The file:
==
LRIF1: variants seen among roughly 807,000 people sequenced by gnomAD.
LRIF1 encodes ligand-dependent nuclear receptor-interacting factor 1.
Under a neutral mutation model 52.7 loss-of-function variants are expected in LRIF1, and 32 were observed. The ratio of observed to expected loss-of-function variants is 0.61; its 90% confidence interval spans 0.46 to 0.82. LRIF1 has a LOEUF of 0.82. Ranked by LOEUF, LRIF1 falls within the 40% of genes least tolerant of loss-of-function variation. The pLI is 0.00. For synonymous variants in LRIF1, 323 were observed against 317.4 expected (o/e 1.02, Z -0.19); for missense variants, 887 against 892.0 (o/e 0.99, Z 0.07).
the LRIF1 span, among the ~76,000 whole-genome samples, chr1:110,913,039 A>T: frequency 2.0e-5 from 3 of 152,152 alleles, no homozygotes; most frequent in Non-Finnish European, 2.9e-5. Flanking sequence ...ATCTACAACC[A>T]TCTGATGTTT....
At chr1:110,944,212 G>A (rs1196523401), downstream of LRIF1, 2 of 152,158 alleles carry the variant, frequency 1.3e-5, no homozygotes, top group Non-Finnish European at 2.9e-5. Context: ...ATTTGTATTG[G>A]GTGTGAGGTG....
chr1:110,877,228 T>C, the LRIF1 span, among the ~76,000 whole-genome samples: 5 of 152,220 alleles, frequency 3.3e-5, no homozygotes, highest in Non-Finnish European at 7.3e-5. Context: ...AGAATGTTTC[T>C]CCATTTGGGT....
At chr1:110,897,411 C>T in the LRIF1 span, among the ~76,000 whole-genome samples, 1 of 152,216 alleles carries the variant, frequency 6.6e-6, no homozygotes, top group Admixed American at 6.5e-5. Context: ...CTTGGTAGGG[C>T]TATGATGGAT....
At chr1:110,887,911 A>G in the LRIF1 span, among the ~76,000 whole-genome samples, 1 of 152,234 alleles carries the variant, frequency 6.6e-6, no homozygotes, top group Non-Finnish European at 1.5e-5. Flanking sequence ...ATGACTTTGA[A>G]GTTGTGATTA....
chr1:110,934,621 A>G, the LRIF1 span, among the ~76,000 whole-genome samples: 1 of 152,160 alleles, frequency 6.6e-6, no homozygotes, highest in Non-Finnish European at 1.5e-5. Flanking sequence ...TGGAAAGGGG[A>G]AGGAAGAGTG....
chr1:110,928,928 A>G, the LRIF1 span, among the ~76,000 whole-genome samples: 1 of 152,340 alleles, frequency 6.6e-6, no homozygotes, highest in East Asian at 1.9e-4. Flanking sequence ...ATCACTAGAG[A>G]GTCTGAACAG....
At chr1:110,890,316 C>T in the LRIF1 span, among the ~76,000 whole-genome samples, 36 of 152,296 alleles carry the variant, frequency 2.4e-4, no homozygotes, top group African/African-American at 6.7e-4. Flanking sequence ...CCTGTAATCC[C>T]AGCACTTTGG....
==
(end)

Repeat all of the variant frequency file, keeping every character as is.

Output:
LRIF1: variants seen among roughly 807,000 people sequenced by gnomAD.
LRIF1 encodes ligand-dependent nuclear receptor-interacting factor 1.
Under a neutral mutation model 52.7 loss-of-function variants are expected in LRIF1, and 32 were observed. The ratio of observed to expected loss-of-function variants is 0.61; its 90% confidence interval spans 0.46 to 0.82. LRIF1 has a LOEUF of 0.82. Ranked by LOEUF, LRIF1 falls within the 40% of genes least tolerant of loss-of-function variation. The pLI is 0.00. For synonymous variants in LRIF1, 323 were observed against 317.4 expected (o/e 1.02, Z -0.19); for missense variants, 887 against 892.0 (o/e 0.99, Z 0.07).
the LRIF1 span, among the ~76,000 whole-genome samples, chr1:110,913,039 A>T: frequency 2.0e-5 from 3 of 152,152 alleles, no homozygotes; most frequent in Non-Finnish European, 2.9e-5. Flanking sequence ...ATCTACAACC[A>T]TCTGATGTTT....
At chr1:110,944,212 G>A (rs1196523401), downstream of LRIF1, 2 of 152,158 alleles carry the variant, frequency 1.3e-5, no homozygotes, top group Non-Finnish European at 2.9e-5. Context: ...ATTTGTATTG[G>A]GTGTGAGGTG....
chr1:110,877,228 T>C, the LRIF1 span, among the ~76,000 whole-genome samples: 5 of 152,220 alleles, frequency 3.3e-5, no homozygotes, highest in Non-Finnish European at 7.3e-5. Context: ...AGAATGTTTC[T>C]CCATTTGGGT....
At chr1:110,897,411 C>T in the LRIF1 span, among the ~76,000 whole-genome samples, 1 of 152,216 alleles carries the variant, frequency 6.6e-6, no homozygotes, top group Admixed American at 6.5e-5. Context: ...CTTGGTAGGG[C>T]TATGATGGAT....
At chr1:110,887,911 A>G in the LRIF1 span, among the ~76,000 whole-genome samples, 1 of 152,234 alleles carries the variant, frequency 6.6e-6, no homozygotes, top group Non-Finnish European at 1.5e-5. Flanking sequence ...ATGACTTTGA[A>G]GTTGTGATTA....
chr1:110,934,621 A>G, the LRIF1 span, among the ~76,000 whole-genome samples: 1 of 152,160 alleles, frequency 6.6e-6, no homozygotes, highest in Non-Finnish European at 1.5e-5. Flanking sequence ...TGGAAAGGGG[A>G]AGGAAGAGTG....
chr1:110,928,928 A>G, the LRIF1 span, among the ~76,000 whole-genome samples: 1 of 152,340 alleles, frequency 6.6e-6, no homozygotes, highest in East Asian at 1.9e-4. Flanking sequence ...ATCACTAGAG[A>G]GTCTGAACAG....
At chr1:110,890,316 C>T in the LRIF1 span, among the ~76,000 whole-genome samples, 36 of 152,296 alleles carry the variant, frequency 2.4e-4, no homozygotes, top group African/African-American at 6.7e-4. Flanking sequence ...CCTGTAATCC[C>T]AGCACTTTGG....